October 10, 2011

Vegan MoFo is short for October = Vegan Food Month. »

The real Indian corn

Not that harvest-decor stuff

October 7, 2011

You know, you gotta hand it to the New York Times style editors in the subversiveness department. In a recent issue of the paper’s style magazine, hiding between the interview with a Dutch supermodel and the tips on shopping (or not) in Jerusalem, the staff stashed a wacky little article about Tuscarora corn.

Writer Verlyn Klinkenborg’s breezy little piece sums up the history of corn — from Native American creativity through modern GMO dominance and now back to heritage seed — in a few brief pages, and included tips on where to stay and eat if, you know, you feel like touring New York’s corn country. Go, seed savers!

Another Food Dialogues follow-up

From the Environmental Working Group

October 6, 2011

What sorts of things do Americans — as opposed to Big Ag — really care about on the farm? »

The brown revolution

Going wild on the ranch

October 5, 2011

On the Atlantic’s website, farming advocate Lisa M. Hamilton recently reported on the so-dubbed Brown Revolution, in which restoration of natural systems — healthy grasslands, marshes, and the like — is the foundation of better farming. (The philosophy is also known as holistic management.)

Bison, for example, co-evolved with their grassland homes. So, writes Hamilton, contemporary ranchers should treat their herds less like livestock and more like wild animals:

Rather than simply turning cattle into a pasture, these ranchers conduct them like a herd, concentrating bodies to graze one area hard, then leaving it until the plants have regenerated. The effect can be tremendous, with benefits including increased organic matter in the soil, rejuvenation of microorganisms, and restoration of water cycles.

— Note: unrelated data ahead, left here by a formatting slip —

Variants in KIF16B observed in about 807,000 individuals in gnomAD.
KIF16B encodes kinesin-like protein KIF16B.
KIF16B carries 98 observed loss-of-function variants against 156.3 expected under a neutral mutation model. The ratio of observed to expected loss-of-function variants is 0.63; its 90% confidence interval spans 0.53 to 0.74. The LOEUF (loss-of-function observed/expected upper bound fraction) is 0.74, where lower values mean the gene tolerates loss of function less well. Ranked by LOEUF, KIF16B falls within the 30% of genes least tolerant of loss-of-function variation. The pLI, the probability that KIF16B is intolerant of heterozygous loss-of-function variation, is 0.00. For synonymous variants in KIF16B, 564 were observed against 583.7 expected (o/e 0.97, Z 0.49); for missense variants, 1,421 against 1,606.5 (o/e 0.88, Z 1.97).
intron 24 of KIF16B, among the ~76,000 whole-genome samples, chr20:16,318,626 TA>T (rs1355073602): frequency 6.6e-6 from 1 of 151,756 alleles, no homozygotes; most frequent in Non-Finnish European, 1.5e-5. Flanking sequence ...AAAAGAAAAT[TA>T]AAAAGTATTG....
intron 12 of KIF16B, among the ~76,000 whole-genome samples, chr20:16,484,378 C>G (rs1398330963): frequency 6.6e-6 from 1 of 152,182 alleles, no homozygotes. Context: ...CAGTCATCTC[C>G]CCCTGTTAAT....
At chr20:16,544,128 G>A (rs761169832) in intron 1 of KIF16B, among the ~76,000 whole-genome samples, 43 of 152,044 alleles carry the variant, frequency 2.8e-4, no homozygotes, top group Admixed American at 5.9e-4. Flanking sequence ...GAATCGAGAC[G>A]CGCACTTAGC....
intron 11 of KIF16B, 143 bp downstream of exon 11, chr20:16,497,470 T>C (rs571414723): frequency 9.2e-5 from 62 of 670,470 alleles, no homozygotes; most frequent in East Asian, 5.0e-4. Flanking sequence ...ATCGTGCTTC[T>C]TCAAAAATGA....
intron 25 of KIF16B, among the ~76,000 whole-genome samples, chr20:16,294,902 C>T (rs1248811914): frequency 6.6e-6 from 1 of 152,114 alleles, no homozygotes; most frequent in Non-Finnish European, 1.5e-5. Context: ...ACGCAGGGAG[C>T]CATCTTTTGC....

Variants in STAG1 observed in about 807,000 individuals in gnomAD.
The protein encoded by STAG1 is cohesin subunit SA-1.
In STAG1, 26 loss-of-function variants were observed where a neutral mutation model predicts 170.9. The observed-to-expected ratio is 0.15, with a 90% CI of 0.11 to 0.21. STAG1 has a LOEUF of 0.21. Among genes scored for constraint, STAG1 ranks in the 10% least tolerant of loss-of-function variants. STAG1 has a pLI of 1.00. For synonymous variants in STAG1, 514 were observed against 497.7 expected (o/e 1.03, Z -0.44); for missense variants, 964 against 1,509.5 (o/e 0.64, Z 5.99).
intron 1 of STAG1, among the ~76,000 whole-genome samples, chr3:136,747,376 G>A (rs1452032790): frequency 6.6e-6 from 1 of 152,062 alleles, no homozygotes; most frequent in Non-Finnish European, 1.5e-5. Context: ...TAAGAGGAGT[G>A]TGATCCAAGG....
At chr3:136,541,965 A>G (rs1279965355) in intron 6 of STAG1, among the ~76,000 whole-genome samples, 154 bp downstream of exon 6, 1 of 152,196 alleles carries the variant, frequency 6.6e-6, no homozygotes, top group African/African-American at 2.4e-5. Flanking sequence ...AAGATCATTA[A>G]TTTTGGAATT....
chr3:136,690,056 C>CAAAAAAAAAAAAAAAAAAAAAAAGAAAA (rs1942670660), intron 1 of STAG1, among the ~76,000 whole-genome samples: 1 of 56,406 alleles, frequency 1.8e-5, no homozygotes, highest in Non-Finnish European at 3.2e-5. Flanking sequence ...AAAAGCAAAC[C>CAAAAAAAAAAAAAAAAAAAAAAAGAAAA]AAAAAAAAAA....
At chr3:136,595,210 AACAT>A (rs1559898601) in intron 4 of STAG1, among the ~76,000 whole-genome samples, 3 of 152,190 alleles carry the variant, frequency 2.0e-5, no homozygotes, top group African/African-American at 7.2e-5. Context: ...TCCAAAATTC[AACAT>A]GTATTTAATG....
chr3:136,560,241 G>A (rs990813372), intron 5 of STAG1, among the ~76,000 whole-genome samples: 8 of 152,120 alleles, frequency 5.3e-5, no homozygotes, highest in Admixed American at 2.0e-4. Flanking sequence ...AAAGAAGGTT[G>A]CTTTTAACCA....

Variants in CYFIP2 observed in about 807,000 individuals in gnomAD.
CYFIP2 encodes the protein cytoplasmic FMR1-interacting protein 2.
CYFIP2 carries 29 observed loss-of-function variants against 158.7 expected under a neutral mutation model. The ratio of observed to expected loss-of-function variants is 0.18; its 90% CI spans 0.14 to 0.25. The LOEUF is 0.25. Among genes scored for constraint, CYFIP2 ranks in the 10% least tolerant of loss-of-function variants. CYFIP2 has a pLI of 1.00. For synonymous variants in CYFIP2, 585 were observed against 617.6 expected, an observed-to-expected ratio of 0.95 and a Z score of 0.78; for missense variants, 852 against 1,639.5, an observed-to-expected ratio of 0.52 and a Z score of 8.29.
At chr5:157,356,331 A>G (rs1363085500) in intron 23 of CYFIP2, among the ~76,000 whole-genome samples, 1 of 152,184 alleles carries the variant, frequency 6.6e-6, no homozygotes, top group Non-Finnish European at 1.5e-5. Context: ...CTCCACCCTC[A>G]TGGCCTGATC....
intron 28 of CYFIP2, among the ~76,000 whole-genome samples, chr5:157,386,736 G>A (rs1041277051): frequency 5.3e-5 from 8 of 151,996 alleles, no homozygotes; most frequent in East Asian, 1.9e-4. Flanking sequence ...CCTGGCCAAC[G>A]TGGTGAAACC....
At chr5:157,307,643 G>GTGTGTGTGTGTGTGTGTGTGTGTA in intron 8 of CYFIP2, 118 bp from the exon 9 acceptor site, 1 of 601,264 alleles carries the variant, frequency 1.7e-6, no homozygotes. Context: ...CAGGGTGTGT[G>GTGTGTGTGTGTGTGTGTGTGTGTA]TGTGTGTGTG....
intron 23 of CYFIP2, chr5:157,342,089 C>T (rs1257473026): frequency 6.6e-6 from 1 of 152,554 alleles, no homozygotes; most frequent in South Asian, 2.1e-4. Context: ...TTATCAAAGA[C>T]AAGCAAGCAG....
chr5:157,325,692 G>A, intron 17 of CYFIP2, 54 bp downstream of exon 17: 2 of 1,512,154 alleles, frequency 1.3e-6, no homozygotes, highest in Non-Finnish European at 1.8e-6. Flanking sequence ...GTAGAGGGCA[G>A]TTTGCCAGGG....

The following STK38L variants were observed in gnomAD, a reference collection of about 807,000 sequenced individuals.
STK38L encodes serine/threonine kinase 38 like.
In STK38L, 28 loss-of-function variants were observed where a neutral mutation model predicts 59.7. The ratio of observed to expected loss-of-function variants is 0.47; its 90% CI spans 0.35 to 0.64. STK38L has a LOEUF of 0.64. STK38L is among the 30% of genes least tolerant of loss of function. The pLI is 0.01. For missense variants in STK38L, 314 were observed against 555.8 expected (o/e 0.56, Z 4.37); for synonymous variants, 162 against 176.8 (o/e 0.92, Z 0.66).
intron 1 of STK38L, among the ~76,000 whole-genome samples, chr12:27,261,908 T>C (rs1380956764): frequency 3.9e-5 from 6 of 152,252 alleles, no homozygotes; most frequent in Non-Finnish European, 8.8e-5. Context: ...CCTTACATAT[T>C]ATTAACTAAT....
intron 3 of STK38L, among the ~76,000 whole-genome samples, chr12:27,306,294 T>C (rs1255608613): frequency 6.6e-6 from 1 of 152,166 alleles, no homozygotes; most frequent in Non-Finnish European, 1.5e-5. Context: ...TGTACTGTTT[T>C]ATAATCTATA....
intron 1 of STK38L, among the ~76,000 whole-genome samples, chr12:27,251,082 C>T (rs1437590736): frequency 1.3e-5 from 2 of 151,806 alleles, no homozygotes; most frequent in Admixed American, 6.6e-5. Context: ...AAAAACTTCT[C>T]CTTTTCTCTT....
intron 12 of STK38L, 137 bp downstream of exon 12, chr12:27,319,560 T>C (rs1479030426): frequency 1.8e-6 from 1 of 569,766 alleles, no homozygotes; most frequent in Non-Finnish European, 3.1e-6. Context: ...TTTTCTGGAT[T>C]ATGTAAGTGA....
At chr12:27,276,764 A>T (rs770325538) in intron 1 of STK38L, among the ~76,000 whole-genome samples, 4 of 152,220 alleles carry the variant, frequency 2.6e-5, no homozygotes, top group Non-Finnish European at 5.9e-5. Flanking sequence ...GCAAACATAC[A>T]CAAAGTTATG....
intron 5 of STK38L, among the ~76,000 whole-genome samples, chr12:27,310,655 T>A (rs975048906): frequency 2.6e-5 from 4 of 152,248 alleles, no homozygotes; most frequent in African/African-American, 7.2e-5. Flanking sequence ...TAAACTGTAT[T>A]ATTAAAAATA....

The full article (with accompanying photo essay) digs deep into the rural culture of the West, trying to suss out whether America’s ranchers and farmers will really change their work habits en masse. Maybe, maybe not.

Creative shopping

Getting food to the people

October 4, 2011

Regular Culinate contributor Twilight Greenaway has a new gig as Grist’s food editor. Her food-politics reporting so far has included stories on the agricultural exploitation of teenage workers, the dirty secrets of the organic-strawberry industry, and the importance of farmland conservation.

Most inspiring might be her article about converting shipping containers into grocery stores. The idea is a blend of a mobile mart and a permanent grocery: you can put one pretty much anywhere, and operate it as long as you want. The prototype — put up by Stockbox Grocersopened recently in Seattle. Will a new kind of mini-mart be opening soon in a parking lot near you? Stay tuned.

The food and drink issue

With a manifesto from Mark Bittman

October 3, 2011

The fourth annual issue of the New York Times Sunday magazine dedicated entirely to food and drink came out yesterday.

Mark Bittman’s precise yet passionate introduction is a manifesto for better eating, while Michael Pollan’s answers to reader questions include his takes on such topics as genetically engineered food and organic food.

Here’s just one takeaway from Bittman: “There is the personal, and there is the political. As well as you might feed yourself and your kids, the food ‘system’ is still out there, stuffing some people and starving others, poisoning the earth and the air, destroying cultures everywhere.”

Sift archive — October 2011

Our Table

Joy of Cooking app

A new tool for the kitchen

The latest in our collection of cooking apps.

Graze: Bites from the Site
First Person

The secret sharer

A father’s legacy

The Culinate Interview

Mollie Katzen

The vegetarian-cooking pioneer


Down South

Barbecue, tamales, cocktails, and more

Local Flavors

A winter romesco sauce

Good on everything

Editor’s Choice